Compare any two graphics cards:
GeForce 9800 GT 512MB vs Radeon HD 7750
IntroThe GeForce 9800 GT 512MB uses a 65/55 nm design. nVidia has set the core frequency at 600 MHz. The GDDR3 memory works at a frequency of 900 MHz on this card. It features 112 SPUs as well as 56 Texture Address Units and 16 ROPs.
Compare all of that to the Radeon HD 7750, which makes use of a 28 nm design. AMD has clocked the core speed at 800 MHz. The GDDR5 RAM is set to run at a frequency of 1125 MHz on this particular card. It features 512 SPUs as well as 32 Texture Address Units and 16 ROPs.
(No game benchmarks for this combination yet.)
Power Usage and Theoretical Benchmarks
Power Consumption (Max TDP)
In theory, the Radeon HD 7750 should perform quite a bit faster than the GeForce 9800 GT 512MB in general. (explain)
Texel RateThe GeForce 9800 GT 512MB is quite a bit (about 31%) more effective at anisotropic filtering than the Radeon HD 7750. (explain)
Pixel RateThe Radeon HD 7750 should be quite a bit (approximately 33%) more effective at AA than the GeForce 9800 GT 512MB, and able to handle higher resolutions better. (explain)
Please note that the above 'benchmarks' are all just theoretical - the results were calculated based on the card's specifications, and real-world performance may (and probably will) vary at least a bit.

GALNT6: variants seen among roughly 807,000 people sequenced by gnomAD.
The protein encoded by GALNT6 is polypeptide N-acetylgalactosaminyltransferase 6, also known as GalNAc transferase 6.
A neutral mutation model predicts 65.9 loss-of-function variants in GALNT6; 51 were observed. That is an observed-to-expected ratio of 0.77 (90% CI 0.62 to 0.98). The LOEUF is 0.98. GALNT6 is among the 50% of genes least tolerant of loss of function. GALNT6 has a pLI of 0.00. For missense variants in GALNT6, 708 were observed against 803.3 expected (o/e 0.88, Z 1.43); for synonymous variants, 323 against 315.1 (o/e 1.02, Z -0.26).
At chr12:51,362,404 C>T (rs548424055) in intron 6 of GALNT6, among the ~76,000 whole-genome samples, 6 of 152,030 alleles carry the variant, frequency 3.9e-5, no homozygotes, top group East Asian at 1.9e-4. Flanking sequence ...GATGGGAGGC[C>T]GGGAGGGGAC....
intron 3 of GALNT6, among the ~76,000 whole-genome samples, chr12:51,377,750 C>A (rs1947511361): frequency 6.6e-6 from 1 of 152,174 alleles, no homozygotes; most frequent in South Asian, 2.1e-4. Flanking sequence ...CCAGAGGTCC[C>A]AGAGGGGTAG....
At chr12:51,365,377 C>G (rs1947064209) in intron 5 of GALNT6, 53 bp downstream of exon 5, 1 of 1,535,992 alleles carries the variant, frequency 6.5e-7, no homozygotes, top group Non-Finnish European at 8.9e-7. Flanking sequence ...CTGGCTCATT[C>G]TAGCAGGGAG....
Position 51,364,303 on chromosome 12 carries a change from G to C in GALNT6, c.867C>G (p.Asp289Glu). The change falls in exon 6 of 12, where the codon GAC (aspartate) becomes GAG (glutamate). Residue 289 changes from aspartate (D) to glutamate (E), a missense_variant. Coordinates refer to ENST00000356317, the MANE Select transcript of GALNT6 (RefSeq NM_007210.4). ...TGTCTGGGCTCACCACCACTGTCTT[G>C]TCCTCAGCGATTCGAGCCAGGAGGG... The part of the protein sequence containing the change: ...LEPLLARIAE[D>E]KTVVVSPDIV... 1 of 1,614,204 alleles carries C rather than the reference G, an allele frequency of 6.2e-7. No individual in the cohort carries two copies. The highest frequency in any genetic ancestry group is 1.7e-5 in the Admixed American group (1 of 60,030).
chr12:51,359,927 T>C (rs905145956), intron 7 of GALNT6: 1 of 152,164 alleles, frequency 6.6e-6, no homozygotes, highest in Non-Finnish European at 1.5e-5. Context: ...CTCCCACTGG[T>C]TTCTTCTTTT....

Please note that the price comparisons are based on search keywords - sometimes it might show cards with very similar names that are not exactly the same as the one chosen in the comparison. We do try to filter out the wrong results as best we can, though.
Memory Bandwidth: Bandwidth is the max amount of information (in units of MB per second) that can be transported over the external memory interface in a second. It is calculated by multiplying the interface width by its memory clock speed. In the case of DDR type memory, the result should be multiplied by 2 again. If DDR5, multiply by 4 instead. The better the card's memory bandwidth, the faster the card will be in general. It especially helps with anti-aliasing, High Dynamic Range and higher screen resolutions.
Texel Rate: Texel rate is the maximum number of texture map elements (texels) that are processed per second. This number is calculated by multiplying the total texture units by the core speed of the chip. The higher this number, the better the video card will be at handling texture filtering (anisotropic filtering - AF). It is measured in millions of texels in a second.
Pixel Rate: Pixel rate is the maximum amount of pixels the video card could possibly write to its local memory in one second - measured in millions of pixels per second. Pixel rate is calculated by multiplying the amount of Render Output Units by the clock speed of the card. ROPs (Raster Operations Pipelines - also called Render Output Units) are responsible for outputting the pixels (image) to the screen. The actual pixel fill rate also depends on lots of other factors, most notably the memory bandwidth - the lower the bandwidth is, the lower the ability to get to the maximum fill rate.